Certificate in Healthy Eating & Food Hygiene
Certificate in Guest House Operations
Certificate in Guest House Operations
ServSafe Manager Certification
Bar Service
Catering Services
Food Service
Kitchen Skills
Beverage Service
Basic Skills for the guest services
Accommodation Services (Laundry, Housekeeping, self-catering )
Career for Trainers in Hospitality Sector
Preferred Educational Qualification

Some of the educational qualifications required by the trainers are:

Education UG - Any Graduate - Any Specialization
PG - Any PG Course - Any Specialization
PG - MBA/PGDM - HR/marketing/ operations/strategy
Graduate/Diploma - Hotel Management and MBA
Diploma in Hotel Management, Catering Technology & Applied Nutrition
MBA/PGDM - HR/Industrial Relations

Nature of Work :

Providing training to aspirant Cabin Crews & Air Hostesses on Language
Training on Business etiquettes, Courtesy, Business communication
Training on personality development
Training on time management
Training Courtesy Crew members for restaurant operations that is for Dine-in, Delivery and product
Providing behavioral training
Training need analysis
Arranging and implementing training
Making training calendar
Training content development
Training evaluation
Training evaluation
Preparing training budgeting
Develop and deliver training to internal and external technical support teams
Implement new and existing training projects and initiatives
Consistently review and improve training quality and effectiveness
To implement and monitor the company's 'Training for future' program
Customizing training content
Skills and Attributes Required
Should have very good oral and written communication skills
Should have had experience in making training and development content
Language skills
Right attitude and listening skills
Dedication and Tolerance
Should know to deal with people & good interpersonal and public relation skills
Should be presentable
Proficiency in English and Hindi
Must have effective vendor management, negotiation and relationship management skills
Proficiency in computer applications
Excellent networking skills, with the ability to build rapport
Ability to work well under pressure
Ability to think out of the box and drive change and innovation
Variation of Salary with Experience

Salary offered to the trainers according to the relevant experience fall in the range of:




Training and Development in IT/Software Development Industry

 The Indian IT sector is growing at a very fast pace and is expected to earn a revenue of US $87 billion by 2008. In 2006, it has earned revenue of about US $ 40 billion with a growth rate of 30%. IT sector is expected to generate 2.3 million jobs by 2010, according to NASSCOM (National Association of Software and Service Companies)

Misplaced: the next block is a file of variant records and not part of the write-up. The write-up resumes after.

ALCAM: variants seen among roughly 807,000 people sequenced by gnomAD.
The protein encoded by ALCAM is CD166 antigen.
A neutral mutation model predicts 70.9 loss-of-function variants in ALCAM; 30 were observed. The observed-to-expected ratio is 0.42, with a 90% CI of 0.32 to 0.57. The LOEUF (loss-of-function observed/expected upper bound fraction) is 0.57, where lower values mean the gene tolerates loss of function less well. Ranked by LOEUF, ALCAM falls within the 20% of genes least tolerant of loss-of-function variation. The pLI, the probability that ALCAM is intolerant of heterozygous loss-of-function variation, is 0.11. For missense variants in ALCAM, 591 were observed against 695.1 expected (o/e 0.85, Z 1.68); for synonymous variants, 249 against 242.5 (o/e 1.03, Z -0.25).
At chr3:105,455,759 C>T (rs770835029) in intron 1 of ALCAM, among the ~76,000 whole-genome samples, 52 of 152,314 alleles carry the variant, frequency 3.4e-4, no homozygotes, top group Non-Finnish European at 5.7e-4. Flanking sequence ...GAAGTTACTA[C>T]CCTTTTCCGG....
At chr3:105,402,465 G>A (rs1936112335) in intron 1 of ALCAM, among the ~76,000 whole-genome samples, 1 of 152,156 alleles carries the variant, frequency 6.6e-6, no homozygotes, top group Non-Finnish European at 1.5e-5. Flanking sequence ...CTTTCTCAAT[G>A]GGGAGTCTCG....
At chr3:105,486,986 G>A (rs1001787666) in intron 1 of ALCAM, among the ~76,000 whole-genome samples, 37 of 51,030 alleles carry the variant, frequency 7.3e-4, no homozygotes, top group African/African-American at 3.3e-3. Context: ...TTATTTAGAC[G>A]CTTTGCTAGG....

 With this rapid expansion of IT sector and coming up of major players and new technologies like SAP, the need of human resource development has increased.

 According to the recent review by Harvard Business Review, there is a direct link between training investment of the companies and the market capitalization. Those companies with higher training investment had higher market capitalization. It clearly indicates that the companies which have successfully implemented training programs have been able to deliver customer goals with effective results. It shows that good training results in enhancement of individual performance, which in turn, helps the organization in achieving its business goals. Training is a tool that can help in gaining competitive advantage in terms of human resource.


With the growing investment by IT companies in the development of their employees many companies have now started their own learning centers. As an example, Sun has its own training department. Accenture has Internet based tool by the name of “My Learning” that offers access to its vast learning resources to its employees. Companies are investing in both the technical training, which has always been an essential part in IT industry, as well as in managerial skills development. Companies now kept aside 3-5% of revenue for training programs. As an example, some of the major players like Tata Elexi and Accenture are allocating 7% and 3% respectively of the company’s overall revenue.

Areas Covered in Training Programs in IT/Software Development Industry

The specific areas where training is given in IT/Software Development sector are:
Computer Manufacturing
EDP/ E- Commerce
Designing
Maintenance Service
Operating jobs, Computer operators, Data Entry
System Developing /Programming /Software Engineering
Networking

Application Programming
Research and Development in Peripheral Integration
Product Quality Control and Reliability Testing
Enterprise Resource Planning (ERP)
Database Warehousing and Management

Training Courses in Software Development Industry
B. Tech
BCA
BSc. (H) Computer Science
M. Tech
MCA
MSc. (H) Computer Science